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Former riders speak of threats, intimidation by Verbruggen

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Former UCI president Hein Verbruggen

Former UCI president Hein Verbruggen (Image credit: AFP Photo)
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Hein Verbruggen passed the UCI baton to Pat McQuaid in 2005

Hein Verbruggen passed the UCI baton to Pat McQuaid in 2005 (Image credit: AFP Photo)
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Hein Verbruggen and Lance Armstrong

Hein Verbruggen and Lance Armstrong (Image credit: AFP Photo)

Although he has adamantly denied assisting in covering up doping, the Dutch press has amassed more anecdotal evidence that former UCI president Hein Verbruggen was informed of the fast rise in EPO use in the peloton, but did little to stop it.

According to the Algameen Dagblad (, Edwig Van Hooydonck, a two-time Tour of Flanders champion who retired when he realized increasing use of EPO in the peloton was making it impossible for him to compete, warned Verbruggen of the drug's rise.

"After I retired, I had a conversation with Verbruggen, I told him what was going on ... that EPO was on the rise since the beginning of the 90s, but he said I was exaggerating."

It was the early days of Verbruggen's presidency when EPO made its way into the peloton, but by the end of his tenure, which closed as Lance Armstrong made his own exit from the sport, the drug had transformed cycling.

As the world now knows from the testimony collected by the US Anti-Doping Agency in its investigation of Armstrong and doping at the US Postal Service team, and from other inquiries, riders were brazenly doping with confidence that they could avoid testing positive. Verbruggen has maintained the UCI had no responsibility, that if the tests couldn't catch the riders it was the testers' fault.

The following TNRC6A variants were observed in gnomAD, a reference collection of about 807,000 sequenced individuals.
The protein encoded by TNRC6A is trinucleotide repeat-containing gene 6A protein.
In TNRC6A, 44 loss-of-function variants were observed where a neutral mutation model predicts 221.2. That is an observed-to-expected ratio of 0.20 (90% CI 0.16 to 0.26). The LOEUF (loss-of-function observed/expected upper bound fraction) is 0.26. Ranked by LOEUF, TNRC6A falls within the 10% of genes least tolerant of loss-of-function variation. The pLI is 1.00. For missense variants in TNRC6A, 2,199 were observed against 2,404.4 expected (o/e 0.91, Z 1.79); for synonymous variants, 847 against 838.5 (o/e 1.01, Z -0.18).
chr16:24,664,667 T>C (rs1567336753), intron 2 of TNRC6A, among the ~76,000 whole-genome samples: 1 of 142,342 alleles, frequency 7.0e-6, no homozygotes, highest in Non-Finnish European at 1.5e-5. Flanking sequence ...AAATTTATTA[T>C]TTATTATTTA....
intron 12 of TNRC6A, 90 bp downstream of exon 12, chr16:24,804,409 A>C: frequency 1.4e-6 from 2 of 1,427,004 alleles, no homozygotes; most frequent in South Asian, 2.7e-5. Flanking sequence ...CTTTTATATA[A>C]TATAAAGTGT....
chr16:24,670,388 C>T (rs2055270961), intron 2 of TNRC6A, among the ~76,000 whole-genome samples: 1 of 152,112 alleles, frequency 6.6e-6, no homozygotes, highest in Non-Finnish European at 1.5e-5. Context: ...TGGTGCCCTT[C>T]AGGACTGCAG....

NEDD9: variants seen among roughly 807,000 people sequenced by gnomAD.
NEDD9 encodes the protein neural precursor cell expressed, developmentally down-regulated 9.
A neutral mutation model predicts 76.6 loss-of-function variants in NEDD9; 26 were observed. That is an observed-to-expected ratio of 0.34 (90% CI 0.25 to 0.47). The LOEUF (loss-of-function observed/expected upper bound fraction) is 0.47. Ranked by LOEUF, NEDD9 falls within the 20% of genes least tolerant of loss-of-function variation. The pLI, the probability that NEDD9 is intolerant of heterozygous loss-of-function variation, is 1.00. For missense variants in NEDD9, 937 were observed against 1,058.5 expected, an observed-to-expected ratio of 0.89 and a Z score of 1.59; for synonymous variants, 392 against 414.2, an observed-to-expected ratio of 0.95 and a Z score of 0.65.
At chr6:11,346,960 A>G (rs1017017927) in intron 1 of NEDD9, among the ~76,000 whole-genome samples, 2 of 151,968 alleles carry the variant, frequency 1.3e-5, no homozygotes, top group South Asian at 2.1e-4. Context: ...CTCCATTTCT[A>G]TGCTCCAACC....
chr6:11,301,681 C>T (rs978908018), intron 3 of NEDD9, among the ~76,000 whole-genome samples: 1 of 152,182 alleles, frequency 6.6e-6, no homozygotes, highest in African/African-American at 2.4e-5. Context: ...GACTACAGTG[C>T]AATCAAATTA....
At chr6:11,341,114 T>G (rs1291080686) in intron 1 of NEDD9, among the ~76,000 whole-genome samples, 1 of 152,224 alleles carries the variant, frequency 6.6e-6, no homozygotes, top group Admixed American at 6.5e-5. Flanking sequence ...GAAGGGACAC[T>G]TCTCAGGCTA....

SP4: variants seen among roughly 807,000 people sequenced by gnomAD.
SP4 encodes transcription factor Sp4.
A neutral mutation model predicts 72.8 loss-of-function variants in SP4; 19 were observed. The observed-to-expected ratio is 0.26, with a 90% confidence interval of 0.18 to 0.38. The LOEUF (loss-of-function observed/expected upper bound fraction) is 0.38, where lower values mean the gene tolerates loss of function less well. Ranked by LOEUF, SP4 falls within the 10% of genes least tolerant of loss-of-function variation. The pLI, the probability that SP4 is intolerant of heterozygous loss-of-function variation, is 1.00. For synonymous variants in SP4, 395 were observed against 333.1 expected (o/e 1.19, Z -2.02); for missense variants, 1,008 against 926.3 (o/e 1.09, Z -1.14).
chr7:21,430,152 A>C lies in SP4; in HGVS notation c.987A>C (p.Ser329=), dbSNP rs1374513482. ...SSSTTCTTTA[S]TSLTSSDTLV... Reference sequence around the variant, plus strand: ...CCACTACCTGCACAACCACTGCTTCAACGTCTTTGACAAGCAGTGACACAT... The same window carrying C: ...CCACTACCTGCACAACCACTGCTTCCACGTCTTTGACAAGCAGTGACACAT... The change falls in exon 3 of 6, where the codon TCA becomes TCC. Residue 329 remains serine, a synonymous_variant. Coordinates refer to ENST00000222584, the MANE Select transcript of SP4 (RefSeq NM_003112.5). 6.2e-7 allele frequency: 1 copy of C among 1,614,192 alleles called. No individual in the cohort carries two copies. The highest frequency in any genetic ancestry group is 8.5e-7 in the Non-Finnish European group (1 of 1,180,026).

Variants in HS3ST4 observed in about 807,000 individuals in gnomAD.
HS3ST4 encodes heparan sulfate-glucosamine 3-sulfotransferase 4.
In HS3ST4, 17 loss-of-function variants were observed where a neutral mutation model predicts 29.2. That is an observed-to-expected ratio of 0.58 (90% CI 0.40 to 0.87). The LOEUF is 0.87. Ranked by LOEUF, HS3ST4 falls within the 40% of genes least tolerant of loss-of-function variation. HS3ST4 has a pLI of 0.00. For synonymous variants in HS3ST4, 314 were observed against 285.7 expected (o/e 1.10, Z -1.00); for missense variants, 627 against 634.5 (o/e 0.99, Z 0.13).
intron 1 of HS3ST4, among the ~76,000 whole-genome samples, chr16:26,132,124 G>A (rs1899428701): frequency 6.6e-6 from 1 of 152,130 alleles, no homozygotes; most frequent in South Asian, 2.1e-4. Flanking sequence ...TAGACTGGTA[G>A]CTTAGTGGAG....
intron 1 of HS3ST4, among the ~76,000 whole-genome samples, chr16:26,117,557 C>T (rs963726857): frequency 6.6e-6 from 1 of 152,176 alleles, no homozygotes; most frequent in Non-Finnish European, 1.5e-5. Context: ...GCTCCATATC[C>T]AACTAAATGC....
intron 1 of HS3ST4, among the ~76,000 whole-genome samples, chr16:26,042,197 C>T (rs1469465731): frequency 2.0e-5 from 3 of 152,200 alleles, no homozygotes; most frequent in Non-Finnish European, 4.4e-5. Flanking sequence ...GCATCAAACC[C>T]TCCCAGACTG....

“I don't understand the whole fuss at all,” Verbruggen said in an interview with the Dutch magazine De Muur earlier this year. “If you test someone 215 times and he is always negative, then the problem is in the test itself. Well, I'm not responsible."

"It is easy to say, 'you knew it!' but nobody knew anything for sure. We only had suspicions (...) We did what we could only detect nothing we could. (...) I don't understand all this fuss at all (...) We knew as much as the journalists....”

However, according to an anecdote by former PDM rider Peter Stevenhaagen in, Verbruggen did little to counter the impression that the UCI was in control of who was caught.

Stevenhaagen described a conversation he had with Verbruggen after a newspaper interview quoted the rider as being critical of the UCI's management of the sport. "You have a problem, boy. I can I make or break riders like you. I decide who is positive. I knows what's going on at PDM," Stevenhaagen recalled Verbruggen stating.

Verbruggen denied the statements, but Stevenhaagen was frightened. "After that confrontation I was subjected to more doping controls than normal. I was scared, and I didn't dare participate in the Tour in 1988. I threw away the cortisone and testosterone vials."

The statements mirror those of former Mapei boss Giorgio Squinzi, who claims Verbruggen threatened his team with disqualification after he stated in an interview that it was impossible to win the Tour de France without drugs.

According to a voicemail shared with Cyclingnews by Slipstream Sports CEO Jonathan Vaughters, the threats from Verbruggen extended past his tenure as president.